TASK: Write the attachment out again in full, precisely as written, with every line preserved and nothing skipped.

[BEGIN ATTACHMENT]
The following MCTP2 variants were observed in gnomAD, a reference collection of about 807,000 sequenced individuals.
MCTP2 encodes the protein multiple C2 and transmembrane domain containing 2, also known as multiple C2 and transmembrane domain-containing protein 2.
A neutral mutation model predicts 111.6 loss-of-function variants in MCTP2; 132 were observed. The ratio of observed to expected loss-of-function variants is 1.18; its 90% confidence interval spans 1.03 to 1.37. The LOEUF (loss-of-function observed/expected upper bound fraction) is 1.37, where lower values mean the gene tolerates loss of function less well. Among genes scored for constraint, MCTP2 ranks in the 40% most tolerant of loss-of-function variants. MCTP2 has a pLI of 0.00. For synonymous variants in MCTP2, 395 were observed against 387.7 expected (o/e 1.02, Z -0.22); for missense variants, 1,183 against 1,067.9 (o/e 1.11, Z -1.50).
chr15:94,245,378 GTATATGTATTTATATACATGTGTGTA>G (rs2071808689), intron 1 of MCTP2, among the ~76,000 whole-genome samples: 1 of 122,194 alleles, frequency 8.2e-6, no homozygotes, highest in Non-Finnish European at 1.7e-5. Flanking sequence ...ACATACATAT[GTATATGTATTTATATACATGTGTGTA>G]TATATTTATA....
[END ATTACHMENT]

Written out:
The following MCTP2 variants were observed in gnomAD, a reference collection of about 807,000 sequenced individuals.
MCTP2 encodes the protein multiple C2 and transmembrane domain containing 2, also known as multiple C2 and transmembrane domain-containing protein 2.
A neutral mutation model predicts 111.6 loss-of-function variants in MCTP2; 132 were observed. The ratio of observed to expected loss-of-function variants is 1.18; its 90% confidence interval spans 1.03 to 1.37. The LOEUF (loss-of-function observed/expected upper bound fraction) is 1.37, where lower values mean the gene tolerates loss of function less well. Among genes scored for constraint, MCTP2 ranks in the 40% most tolerant of loss-of-function variants. MCTP2 has a pLI of 0.00. For synonymous variants in MCTP2, 395 were observed against 387.7 expected (o/e 1.02, Z -0.22); for missense variants, 1,183 against 1,067.9 (o/e 1.11, Z -1.50).
chr15:94,245,378 GTATATGTATTTATATACATGTGTGTA>G (rs2071808689), intron 1 of MCTP2, among the ~76,000 whole-genome samples: 1 of 122,194 alleles, frequency 8.2e-6, no homozygotes, highest in Non-Finnish European at 1.7e-5. Flanking sequence ...ACATACATAT[GTATATGTATTTATATACATGTGTGTA>G]TATATTTATA....